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I4                        AKBAR, EMPEROR OF INDIA.
lost thereby his greatest possession, his caste, and was
shut out from any intercourse with his equals. Accord-
ingly he was compelled to pass his whole life trembling in
terror before this horrible evil which threatened him. That
a man of Akbar's nobility of character should remove such
an atrocious, yes devilish, decree seems to us a matter of
course; but for the Hindus it was an enormous beneficence.
Akbar sought also to advance trade and commerce in
every possible way. He regulated the harbor and toll
duties, removed the oppressive taxes on cattle, trees, grain
and other produce as well as the customary fees of subjects
at every possible appointment or office. In the year 1574
it was decreed that the loss which agriculture suffered by
the passage of royal troops through the fields should be
carefully calculated and scrupulously replaced.
Besides these practical regulations for the advancement
of the material welfare, Akbar's efforts for the ethical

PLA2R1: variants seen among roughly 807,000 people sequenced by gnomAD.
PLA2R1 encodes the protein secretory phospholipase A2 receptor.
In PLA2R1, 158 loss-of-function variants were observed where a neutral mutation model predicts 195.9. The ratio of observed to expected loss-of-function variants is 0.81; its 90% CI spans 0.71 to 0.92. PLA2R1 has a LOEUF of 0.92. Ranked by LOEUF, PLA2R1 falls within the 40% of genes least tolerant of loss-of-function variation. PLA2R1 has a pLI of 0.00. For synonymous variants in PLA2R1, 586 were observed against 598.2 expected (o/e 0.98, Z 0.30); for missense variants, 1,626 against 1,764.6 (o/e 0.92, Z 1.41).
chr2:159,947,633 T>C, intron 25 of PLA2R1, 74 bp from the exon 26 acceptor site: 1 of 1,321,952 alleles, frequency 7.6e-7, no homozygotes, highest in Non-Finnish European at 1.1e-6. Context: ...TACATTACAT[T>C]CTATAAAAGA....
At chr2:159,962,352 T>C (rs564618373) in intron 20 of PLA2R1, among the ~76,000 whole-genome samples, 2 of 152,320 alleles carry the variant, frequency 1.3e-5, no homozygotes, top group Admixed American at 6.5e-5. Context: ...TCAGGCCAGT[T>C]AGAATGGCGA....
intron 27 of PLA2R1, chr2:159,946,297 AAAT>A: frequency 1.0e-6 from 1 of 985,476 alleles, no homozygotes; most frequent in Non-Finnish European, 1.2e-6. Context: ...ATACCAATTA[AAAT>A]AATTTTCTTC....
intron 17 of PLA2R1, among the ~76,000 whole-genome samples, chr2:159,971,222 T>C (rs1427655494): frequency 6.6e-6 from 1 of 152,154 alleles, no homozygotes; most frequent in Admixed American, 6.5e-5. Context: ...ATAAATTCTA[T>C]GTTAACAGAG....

uplift of his subjects are noteworthy. Drunkenness and
debauchery were punished and he sought to restrain pros-
titution by confining dancing girls and abandoned women
in one quarter set apart for them outside of his residence
which received the name Shaitanpura or "Devil's City."^_
The existing corruption in the finance and customs de-
partment was abolished by means of a complicated and
punctilious system of supervision (the bureaus of receipts
and expenditures were kept entirely separated from each
other in the treasury department,) and Akbar himself care-
fully examined the accounts handed in each month from
every district, just as he gave his personal attention with
tireless industry and painstaking care to every detail in
the widely ramified domain of the administration of gov-
ernment. Moreover the Emperor was fortunate in having
at the head of the finance department a prudent, energetic,
perfectly honorable and incorruptible man, the Hindu To-
12 J. T. Wheeler, IV, I, 173; Noer, I, 4380.